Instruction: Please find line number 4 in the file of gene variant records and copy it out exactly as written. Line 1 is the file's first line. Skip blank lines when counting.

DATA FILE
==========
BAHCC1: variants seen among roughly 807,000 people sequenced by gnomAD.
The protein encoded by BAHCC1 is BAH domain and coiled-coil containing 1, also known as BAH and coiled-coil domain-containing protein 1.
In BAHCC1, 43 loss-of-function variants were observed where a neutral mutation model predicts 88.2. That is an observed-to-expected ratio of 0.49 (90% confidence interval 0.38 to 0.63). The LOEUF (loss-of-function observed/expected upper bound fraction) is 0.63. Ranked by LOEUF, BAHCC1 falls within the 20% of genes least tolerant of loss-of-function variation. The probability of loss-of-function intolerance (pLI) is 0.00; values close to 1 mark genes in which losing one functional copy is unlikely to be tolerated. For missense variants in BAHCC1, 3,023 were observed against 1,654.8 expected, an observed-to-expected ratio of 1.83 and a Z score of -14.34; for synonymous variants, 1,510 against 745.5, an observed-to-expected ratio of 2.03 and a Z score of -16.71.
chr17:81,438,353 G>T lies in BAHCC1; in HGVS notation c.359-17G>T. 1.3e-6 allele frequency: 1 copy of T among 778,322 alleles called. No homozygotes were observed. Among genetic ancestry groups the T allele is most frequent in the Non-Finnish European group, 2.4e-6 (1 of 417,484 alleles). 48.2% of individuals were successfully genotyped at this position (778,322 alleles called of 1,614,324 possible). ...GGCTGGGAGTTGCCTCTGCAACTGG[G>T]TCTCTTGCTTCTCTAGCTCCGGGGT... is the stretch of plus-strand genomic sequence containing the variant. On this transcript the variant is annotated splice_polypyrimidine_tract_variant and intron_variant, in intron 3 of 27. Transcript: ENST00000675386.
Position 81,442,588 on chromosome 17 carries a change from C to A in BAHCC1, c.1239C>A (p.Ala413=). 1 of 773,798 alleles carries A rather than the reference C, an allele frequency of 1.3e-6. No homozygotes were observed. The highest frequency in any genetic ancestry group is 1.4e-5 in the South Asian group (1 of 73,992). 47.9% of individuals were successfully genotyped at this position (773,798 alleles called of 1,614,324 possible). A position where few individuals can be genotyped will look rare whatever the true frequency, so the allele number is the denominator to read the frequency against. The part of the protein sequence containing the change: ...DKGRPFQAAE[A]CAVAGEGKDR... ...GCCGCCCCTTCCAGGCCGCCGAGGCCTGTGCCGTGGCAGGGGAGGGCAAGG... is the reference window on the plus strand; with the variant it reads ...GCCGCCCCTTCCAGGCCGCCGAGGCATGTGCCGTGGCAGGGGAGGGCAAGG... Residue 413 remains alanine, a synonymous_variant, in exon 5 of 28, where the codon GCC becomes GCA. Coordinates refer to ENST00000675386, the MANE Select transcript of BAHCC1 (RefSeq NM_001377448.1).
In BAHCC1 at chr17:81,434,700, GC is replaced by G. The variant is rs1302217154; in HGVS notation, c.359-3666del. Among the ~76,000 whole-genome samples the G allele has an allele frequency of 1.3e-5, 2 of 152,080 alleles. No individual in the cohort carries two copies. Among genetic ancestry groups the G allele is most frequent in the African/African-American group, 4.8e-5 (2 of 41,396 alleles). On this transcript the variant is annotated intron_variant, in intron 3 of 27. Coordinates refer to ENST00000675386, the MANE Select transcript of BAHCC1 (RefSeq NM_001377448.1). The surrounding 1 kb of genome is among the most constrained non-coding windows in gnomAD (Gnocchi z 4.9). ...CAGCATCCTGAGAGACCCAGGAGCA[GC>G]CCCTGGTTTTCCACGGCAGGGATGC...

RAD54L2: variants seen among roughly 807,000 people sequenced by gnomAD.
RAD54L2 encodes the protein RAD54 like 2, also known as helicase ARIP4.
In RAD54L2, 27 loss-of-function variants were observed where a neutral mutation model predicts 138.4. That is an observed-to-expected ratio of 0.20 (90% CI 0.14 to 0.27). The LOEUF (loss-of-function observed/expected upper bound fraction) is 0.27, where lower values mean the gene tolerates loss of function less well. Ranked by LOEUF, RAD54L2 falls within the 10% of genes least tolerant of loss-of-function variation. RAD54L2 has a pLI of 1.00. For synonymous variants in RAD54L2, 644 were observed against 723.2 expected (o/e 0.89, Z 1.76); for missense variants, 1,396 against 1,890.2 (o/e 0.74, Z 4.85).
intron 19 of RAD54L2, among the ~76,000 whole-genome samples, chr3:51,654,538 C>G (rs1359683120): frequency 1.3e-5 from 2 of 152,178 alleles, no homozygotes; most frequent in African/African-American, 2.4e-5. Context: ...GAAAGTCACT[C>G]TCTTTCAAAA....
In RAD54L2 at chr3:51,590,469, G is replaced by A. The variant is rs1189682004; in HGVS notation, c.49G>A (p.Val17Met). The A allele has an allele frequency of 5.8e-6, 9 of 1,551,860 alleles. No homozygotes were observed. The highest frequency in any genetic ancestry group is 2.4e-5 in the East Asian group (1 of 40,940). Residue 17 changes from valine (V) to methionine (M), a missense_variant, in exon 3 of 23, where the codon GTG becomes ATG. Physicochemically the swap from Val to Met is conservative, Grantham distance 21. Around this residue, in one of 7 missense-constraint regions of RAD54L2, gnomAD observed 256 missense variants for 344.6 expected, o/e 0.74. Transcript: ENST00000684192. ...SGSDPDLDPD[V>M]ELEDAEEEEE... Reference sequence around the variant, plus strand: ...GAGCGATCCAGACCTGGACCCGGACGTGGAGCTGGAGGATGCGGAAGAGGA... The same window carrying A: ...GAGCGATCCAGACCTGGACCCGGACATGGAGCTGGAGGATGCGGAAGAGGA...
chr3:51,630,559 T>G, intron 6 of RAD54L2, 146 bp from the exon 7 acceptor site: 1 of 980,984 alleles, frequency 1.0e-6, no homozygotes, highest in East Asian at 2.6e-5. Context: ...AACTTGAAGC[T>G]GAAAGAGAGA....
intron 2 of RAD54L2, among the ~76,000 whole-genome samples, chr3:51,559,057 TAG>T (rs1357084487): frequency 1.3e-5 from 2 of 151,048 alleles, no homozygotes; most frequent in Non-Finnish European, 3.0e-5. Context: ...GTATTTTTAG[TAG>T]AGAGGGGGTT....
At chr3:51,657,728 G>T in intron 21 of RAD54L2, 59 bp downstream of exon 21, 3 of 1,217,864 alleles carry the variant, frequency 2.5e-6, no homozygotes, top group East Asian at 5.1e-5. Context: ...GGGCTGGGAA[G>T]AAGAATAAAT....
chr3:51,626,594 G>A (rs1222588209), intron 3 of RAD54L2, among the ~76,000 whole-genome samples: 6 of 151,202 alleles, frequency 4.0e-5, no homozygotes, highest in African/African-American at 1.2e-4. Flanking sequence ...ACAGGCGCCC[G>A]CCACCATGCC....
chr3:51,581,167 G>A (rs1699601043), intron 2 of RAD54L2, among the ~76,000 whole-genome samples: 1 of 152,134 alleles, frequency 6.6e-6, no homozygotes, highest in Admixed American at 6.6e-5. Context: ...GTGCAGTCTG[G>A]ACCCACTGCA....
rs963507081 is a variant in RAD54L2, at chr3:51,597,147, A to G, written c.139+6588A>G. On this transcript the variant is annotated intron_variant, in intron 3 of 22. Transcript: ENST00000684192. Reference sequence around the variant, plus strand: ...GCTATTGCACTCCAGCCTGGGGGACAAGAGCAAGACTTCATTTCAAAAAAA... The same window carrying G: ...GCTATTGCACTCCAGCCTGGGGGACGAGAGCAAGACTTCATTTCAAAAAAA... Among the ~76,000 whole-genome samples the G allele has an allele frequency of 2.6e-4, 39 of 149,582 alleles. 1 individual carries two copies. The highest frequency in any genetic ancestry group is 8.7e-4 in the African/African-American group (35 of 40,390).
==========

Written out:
chr17:81,438,353 G>T lies in BAHCC1; in HGVS notation c.359-17G>T. 1.3e-6 allele frequency: 1 copy of T among 778,322 alleles called. No homozygotes were observed. Among genetic ancestry groups the T allele is most frequent in the Non-Finnish European group, 2.4e-6 (1 of 417,484 alleles). 48.2% of individuals were successfully genotyped at this position (778,322 alleles called of 1,614,324 possible). ...GGCTGGGAGTTGCCTCTGCAACTGG[G>T]TCTCTTGCTTCTCTAGCTCCGGGGT... is the stretch of plus-strand genomic sequence containing the variant. On this transcript the variant is annotated splice_polypyrimidine_tract_variant and intron_variant, in intron 3 of 27. Transcript: ENST00000675386.